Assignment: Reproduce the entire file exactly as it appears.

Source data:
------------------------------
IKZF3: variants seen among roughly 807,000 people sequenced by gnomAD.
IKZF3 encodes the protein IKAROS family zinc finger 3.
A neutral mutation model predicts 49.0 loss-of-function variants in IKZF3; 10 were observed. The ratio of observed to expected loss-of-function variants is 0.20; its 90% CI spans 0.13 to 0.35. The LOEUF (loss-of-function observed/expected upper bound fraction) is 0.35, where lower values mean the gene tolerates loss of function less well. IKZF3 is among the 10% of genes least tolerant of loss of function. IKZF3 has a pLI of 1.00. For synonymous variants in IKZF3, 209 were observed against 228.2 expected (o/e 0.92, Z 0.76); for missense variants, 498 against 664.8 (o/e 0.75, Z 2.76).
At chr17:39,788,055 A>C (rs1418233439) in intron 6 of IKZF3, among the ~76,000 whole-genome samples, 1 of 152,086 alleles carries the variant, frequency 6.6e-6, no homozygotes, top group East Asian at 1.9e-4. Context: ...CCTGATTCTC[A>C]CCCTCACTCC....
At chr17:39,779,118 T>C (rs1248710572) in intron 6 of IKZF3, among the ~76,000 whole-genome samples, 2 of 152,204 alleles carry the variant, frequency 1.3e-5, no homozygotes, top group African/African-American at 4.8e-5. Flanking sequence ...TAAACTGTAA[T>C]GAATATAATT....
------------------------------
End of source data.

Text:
IKZF3: variants seen among roughly 807,000 people sequenced by gnomAD.
IKZF3 encodes the protein IKAROS family zinc finger 3.
A neutral mutation model predicts 49.0 loss-of-function variants in IKZF3; 10 were observed. The ratio of observed to expected loss-of-function variants is 0.20; its 90% CI spans 0.13 to 0.35. The LOEUF (loss-of-function observed/expected upper bound fraction) is 0.35, where lower values mean the gene tolerates loss of function less well. IKZF3 is among the 10% of genes least tolerant of loss of function. IKZF3 has a pLI of 1.00. For synonymous variants in IKZF3, 209 were observed against 228.2 expected (o/e 0.92, Z 0.76); for missense variants, 498 against 664.8 (o/e 0.75, Z 2.76).
At chr17:39,788,055 A>C (rs1418233439) in intron 6 of IKZF3, among the ~76,000 whole-genome samples, 1 of 152,086 alleles carries the variant, frequency 6.6e-6, no homozygotes, top group East Asian at 1.9e-4. Context: ...CCTGATTCTC[A>C]CCCTCACTCC....
At chr17:39,779,118 T>C (rs1248710572) in intron 6 of IKZF3, among the ~76,000 whole-genome samples, 2 of 152,204 alleles carry the variant, frequency 1.3e-5, no homozygotes, top group African/African-American at 4.8e-5. Flanking sequence ...TAAACTGTAA[T>C]GAATATAATT....